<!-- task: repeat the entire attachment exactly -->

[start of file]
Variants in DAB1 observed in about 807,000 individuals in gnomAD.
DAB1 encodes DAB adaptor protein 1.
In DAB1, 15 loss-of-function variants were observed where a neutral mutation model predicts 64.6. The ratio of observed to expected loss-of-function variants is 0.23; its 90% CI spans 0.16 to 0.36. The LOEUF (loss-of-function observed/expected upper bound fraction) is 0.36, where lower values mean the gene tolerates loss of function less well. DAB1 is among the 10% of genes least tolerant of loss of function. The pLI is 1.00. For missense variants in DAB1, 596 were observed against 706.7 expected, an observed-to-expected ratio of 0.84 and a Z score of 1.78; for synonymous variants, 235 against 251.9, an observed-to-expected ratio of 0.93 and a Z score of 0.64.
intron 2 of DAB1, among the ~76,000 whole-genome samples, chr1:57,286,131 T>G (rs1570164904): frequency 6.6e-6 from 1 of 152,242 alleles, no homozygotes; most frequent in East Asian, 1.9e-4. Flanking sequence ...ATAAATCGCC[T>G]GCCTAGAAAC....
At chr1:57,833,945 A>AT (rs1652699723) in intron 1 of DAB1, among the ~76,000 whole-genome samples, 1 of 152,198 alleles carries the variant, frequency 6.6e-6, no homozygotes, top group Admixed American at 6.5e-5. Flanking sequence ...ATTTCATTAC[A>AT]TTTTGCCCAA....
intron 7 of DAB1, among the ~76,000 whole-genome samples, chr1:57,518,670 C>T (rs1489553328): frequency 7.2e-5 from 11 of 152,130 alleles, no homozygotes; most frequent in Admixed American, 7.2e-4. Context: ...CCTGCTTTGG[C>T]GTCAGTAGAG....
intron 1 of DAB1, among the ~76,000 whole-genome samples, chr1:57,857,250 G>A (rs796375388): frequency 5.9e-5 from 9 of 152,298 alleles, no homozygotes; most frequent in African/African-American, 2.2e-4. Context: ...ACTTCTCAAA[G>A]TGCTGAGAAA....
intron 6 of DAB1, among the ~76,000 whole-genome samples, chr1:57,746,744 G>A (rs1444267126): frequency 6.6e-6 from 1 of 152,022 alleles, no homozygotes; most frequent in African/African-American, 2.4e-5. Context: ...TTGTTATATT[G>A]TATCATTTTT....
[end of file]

Variants in DAB1 observed in about 807,000 individuals in gnomAD.
DAB1 encodes DAB adaptor protein 1.
In DAB1, 15 loss-of-function variants were observed where a neutral mutation model predicts 64.6. The ratio of observed to expected loss-of-function variants is 0.23; its 90% CI spans 0.16 to 0.36. The LOEUF (loss-of-function observed/expected upper bound fraction) is 0.36, where lower values mean the gene tolerates loss of function less well. DAB1 is among the 10% of genes least tolerant of loss of function. The pLI is 1.00. For missense variants in DAB1, 596 were observed against 706.7 expected, an observed-to-expected ratio of 0.84 and a Z score of 1.78; for synonymous variants, 235 against 251.9, an observed-to-expected ratio of 0.93 and a Z score of 0.64.
intron 2 of DAB1, among the ~76,000 whole-genome samples, chr1:57,286,131 T>G (rs1570164904): frequency 6.6e-6 from 1 of 152,242 alleles, no homozygotes; most frequent in East Asian, 1.9e-4. Flanking sequence ...ATAAATCGCC[T>G]GCCTAGAAAC....
At chr1:57,833,945 A>AT (rs1652699723) in intron 1 of DAB1, among the ~76,000 whole-genome samples, 1 of 152,198 alleles carries the variant, frequency 6.6e-6, no homozygotes, top group Admixed American at 6.5e-5. Flanking sequence ...ATTTCATTAC[A>AT]TTTTGCCCAA....
intron 7 of DAB1, among the ~76,000 whole-genome samples, chr1:57,518,670 C>T (rs1489553328): frequency 7.2e-5 from 11 of 152,130 alleles, no homozygotes; most frequent in Admixed American, 7.2e-4. Context: ...CCTGCTTTGG[C>T]GTCAGTAGAG....
intron 1 of DAB1, among the ~76,000 whole-genome samples, chr1:57,857,250 G>A (rs796375388): frequency 5.9e-5 from 9 of 152,298 alleles, no homozygotes; most frequent in African/African-American, 2.2e-4. Context: ...ACTTCTCAAA[G>A]TGCTGAGAAA....
intron 6 of DAB1, among the ~76,000 whole-genome samples, chr1:57,746,744 G>A (rs1444267126): frequency 6.6e-6 from 1 of 152,022 alleles, no homozygotes; most frequent in African/African-American, 2.4e-5. Context: ...TTGTTATATT[G>A]TATCATTTTT....